The Callatiae tribe in India actually practices endocannibalism (eating members of the community after they have died). In this culture, it is not only a societal norm but also a valued tradition to eat friends and relatives after they have passed. People outside of this tribe may look at this practice and have strong moral judgments, but aside from health concerns – who is the judge of morality: external opinion that in no way is personally affected by this practice or those who are taking part in this celebration?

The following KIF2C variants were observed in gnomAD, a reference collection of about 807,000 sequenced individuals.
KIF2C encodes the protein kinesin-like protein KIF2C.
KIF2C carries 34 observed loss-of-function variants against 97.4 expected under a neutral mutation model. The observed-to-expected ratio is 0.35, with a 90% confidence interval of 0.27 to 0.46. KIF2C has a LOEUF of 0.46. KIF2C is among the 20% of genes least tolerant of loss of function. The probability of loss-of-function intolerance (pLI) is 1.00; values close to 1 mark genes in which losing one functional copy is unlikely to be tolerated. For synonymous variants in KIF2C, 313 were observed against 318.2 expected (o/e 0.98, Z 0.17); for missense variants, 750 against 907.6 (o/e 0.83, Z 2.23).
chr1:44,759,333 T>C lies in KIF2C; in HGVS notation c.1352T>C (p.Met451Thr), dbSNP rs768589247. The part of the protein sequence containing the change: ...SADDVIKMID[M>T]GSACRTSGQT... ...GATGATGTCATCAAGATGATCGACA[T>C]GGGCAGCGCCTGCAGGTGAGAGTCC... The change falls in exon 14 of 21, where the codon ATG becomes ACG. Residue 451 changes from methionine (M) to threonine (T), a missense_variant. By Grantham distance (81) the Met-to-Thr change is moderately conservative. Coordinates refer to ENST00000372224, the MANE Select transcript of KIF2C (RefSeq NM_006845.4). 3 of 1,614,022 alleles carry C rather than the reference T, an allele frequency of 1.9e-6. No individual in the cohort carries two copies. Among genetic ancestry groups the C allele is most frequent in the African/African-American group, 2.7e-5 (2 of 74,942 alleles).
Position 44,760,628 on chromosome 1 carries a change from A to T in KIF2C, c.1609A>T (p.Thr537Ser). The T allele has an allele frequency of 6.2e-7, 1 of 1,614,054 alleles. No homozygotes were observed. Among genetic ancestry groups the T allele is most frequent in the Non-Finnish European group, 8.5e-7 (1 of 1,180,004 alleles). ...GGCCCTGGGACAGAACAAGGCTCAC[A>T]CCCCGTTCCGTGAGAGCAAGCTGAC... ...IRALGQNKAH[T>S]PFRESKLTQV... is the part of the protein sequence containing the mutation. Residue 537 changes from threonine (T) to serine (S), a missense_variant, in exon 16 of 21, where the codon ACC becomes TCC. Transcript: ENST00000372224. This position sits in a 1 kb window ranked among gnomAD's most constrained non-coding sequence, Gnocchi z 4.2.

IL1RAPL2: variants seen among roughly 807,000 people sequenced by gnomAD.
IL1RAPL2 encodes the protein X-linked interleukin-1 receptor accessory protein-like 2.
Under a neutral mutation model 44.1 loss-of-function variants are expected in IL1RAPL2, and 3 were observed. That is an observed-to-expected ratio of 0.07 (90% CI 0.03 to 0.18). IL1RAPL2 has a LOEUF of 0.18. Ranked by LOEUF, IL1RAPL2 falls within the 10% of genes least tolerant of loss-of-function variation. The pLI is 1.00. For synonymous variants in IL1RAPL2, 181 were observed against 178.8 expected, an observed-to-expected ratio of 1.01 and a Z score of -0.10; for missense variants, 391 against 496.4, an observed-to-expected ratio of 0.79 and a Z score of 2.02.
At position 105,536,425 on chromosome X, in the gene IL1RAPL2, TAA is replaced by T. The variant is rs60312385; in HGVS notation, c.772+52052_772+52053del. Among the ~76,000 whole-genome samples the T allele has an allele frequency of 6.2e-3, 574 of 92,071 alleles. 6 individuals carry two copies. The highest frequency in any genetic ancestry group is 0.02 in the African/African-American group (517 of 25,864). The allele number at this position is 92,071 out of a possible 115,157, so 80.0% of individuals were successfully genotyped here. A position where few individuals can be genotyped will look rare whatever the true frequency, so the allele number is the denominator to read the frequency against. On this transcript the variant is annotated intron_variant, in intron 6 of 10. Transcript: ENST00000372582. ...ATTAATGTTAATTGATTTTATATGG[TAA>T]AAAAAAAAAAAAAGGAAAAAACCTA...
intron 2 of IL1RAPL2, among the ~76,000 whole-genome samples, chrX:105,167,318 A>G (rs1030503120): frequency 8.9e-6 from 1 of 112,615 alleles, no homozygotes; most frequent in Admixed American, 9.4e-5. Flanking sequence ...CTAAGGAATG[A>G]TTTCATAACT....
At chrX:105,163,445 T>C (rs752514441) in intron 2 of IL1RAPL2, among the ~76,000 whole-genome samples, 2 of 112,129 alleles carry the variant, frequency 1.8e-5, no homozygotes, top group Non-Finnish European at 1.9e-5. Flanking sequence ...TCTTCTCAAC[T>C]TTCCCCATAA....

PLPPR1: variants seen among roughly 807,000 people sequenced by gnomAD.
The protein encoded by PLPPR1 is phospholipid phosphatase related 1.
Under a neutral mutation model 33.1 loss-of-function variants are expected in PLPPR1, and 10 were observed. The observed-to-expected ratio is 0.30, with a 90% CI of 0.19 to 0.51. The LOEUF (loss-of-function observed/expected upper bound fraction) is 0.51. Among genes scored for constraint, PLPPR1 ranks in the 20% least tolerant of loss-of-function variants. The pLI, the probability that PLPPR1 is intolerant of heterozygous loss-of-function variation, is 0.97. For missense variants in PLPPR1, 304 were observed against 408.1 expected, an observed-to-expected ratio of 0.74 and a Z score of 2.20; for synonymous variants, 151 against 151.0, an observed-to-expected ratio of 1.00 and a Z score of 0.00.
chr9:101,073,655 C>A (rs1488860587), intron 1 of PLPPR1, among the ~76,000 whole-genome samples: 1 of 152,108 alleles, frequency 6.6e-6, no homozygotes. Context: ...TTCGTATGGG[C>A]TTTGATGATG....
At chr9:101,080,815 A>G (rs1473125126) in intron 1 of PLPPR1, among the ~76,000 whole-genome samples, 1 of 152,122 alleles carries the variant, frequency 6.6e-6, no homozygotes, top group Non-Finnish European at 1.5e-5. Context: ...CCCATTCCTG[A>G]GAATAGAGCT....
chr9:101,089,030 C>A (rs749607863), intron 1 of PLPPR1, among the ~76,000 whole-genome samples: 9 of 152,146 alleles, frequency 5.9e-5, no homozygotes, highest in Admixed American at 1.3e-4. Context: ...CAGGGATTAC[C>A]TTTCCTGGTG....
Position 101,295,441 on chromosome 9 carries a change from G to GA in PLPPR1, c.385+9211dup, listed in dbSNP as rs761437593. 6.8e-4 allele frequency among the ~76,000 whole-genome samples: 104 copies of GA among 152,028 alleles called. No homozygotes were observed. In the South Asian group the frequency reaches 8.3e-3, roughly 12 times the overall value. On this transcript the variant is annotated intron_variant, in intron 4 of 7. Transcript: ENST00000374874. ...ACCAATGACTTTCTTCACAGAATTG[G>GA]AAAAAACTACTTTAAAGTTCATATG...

There are a lot of ethical lenses that can be used to analyze this controversy. The utilitarianism application is a consequentialist theory in that the worth of an action is measured by its outcomes. In other words, the ends may justify the means. Utilitarianism goes back to the 18th century. The philosopher Jeremy Bentham noticed that people tend to have a self-serving motive behind their actions where the goal of each action is to pursue happiness. This means that people will act in a way that will bring the most pleasure and minimize the pain. Bentham describes this concept by comparing it to a balance, where if you were to sum up all the values of pleasure on one side of a scale and all of the values of pain on the other- the pleasure side should outweigh the other. Upon educating myself of the origins of this specific philosophy, I couldn’t help but think of Freud’s notion of the id, ego, and superego. The id acts as the pleasure impulse, while the superego acts as a reflection of that person’s moral judgment, and the ego is the filter that finds a way to satisfy that pleasure while abiding by the laws of ethics. This theory focuses heavily on the id and simplifies all other factors to be less significant. In regards to the Ross and Rachel story, the utilitarian view believes it was not wrong for Rachel to eat Ross. The id does not focus on an institution setting rules for behavior, but rather what utility arrives with the consequences of each action. To Rachel, eating Ross not only brings emotional comfort but also satisfies her next meal on an island where resources are limited. Under this philosophical lens, there are not judgments against this action because the end result is pleasure.